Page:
So, how do you go along the numberline that includes irrational numbers? You can't. Why? Well, what's the 'next number' after π? There isn't one. It's not that we don't know what's the next number after π, it's just that there is no such thing, there is no 'very next number adjacent to π.'

Unless you invent a number system that counts along the continuum.

Good luck with that.

But, on the other hand, 4,000 years after Euclid, with his celebrated (or infamous) fifth postulate, said something along the lines of 'if two lines are extended into infinity on a plane and they never cross, then they kinda hafta be parallel,' people were still nodding their heads to that.

(The Ancient Greeks said 'kinda hafta' when they were dead serious about stuff like that.)

Then along came conic sections, and, lo, and behold, on those planes, it is possible, easily so, for two non-parallel lines, extended into infinity never to cross.

And the conics opened up whole new vistas of mathematics for us to explore.

So, one could say mathematics is a confining view; limiting, but the constraints are artificial: they are there because we put them there, and we put them there for some set of reasons, even if we don't know it or even if we forgot those reasons. If a particular set of mathematics doesn't do what we want it to do, or does it in an unforgivably cumbersome way, then, ... simply invent a new set of mathematics, see that it does do what we need it to do, and that, importantly, it doesn't do what we don't want it to do, and then we're good, right?

It's just that ... sometimes mathematics, being not particularly tiny — like our tiny, little, rigid brains — does things we don't expect and never look for, and so we get into trouble if we aren't rigorous. That happened to people who thought they invented complete

*and*consistent systems. Frege invented a mathematics based on pure (predicate) logic, except it allowed the paradox of the 'set that has all sets (including itself)' Russell showed him this error.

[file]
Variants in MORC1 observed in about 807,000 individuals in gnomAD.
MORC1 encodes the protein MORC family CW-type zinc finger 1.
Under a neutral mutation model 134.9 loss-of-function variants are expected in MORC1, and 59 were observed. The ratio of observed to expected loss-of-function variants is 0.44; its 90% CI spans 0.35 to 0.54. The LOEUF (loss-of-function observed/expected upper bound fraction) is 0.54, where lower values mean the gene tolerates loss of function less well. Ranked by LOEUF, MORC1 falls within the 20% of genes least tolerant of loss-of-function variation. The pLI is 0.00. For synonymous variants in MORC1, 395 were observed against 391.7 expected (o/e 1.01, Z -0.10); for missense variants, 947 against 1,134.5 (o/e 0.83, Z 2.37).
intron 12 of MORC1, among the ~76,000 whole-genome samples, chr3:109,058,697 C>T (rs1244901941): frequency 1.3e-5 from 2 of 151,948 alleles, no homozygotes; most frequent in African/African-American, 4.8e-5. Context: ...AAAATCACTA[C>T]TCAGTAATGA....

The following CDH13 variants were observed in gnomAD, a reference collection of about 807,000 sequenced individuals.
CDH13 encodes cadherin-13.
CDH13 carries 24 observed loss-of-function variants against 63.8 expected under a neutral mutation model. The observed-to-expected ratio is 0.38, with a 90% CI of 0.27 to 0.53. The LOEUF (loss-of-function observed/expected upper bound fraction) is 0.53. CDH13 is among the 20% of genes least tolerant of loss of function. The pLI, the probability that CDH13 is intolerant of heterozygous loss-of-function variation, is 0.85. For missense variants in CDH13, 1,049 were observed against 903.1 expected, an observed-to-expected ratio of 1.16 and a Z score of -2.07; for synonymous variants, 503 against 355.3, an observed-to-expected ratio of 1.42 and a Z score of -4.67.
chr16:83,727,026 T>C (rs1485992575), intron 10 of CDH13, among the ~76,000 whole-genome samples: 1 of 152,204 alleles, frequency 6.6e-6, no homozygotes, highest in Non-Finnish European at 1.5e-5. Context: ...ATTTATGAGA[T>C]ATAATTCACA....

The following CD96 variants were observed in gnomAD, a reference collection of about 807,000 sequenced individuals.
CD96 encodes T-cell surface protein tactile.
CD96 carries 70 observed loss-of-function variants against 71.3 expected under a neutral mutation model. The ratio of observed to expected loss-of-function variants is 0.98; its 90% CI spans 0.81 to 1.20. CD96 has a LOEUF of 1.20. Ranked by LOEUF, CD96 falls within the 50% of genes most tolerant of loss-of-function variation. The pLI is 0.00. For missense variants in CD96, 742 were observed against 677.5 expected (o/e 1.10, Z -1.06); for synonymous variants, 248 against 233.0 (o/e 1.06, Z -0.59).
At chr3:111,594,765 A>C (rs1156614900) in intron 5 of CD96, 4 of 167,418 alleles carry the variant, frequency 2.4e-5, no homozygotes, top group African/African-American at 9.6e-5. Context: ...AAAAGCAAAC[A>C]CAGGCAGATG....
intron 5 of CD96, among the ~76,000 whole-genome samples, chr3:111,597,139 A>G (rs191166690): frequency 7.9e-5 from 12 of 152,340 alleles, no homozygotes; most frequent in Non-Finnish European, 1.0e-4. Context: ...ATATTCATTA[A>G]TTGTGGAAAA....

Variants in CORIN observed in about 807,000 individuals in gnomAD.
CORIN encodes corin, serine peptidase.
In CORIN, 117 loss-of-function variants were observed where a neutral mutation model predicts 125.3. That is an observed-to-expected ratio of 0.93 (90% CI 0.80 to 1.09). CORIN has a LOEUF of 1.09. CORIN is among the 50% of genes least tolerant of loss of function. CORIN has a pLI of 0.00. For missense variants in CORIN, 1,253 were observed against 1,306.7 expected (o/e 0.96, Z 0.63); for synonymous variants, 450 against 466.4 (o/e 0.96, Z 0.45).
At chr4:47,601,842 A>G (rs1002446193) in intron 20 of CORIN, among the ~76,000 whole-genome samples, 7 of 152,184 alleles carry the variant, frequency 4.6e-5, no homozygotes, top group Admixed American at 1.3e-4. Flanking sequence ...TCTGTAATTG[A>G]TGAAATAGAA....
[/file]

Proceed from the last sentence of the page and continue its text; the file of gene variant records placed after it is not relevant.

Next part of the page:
So Russell invented the mathematics described in the

*Principia Mathematica,*which most of think of, when we think of mathematics, and was rigorous about it, too. It took two-hundred pages of axioms and theories to prove that

1 + 1 = 2

And that holds, meaning that '1' is actually 1, '2' is actually 2, and '+' and '=' are what we'd like to think they are.

When Russell did that, he chorkled with glee,

*"Ha, we're good!"*he shouted,

*"We have the big TOE!*[theory of everything]

*Nothing that is inconsistent exists in this system."*

Then, more than several years later, a little mathematician named Gödel did something amazing.

He said, "Really? Are you sure? Because ..."

And then he proved the system inconsistent.

How?

Well, it involves a little 50-page paper he published. Essentially what he did was, working entirely in Russell's system, he modelled mathematical formulae as numbers. He proved his modelling was consistent in that system, in that a Gödel-number mapped to a formula and that a formula mapped to that number, and that the numbers worked the way you expected the formulae to work.

Then he wrote a number that said: 'This formula (of truth) cannot be proved (is inconsistent) in Russell's system.'

And showed that number existed in Russell's system, a system that Russell showed, empirically, was consistent.

Russell's system, using Russell's axioms and theories, was provably inconsistent.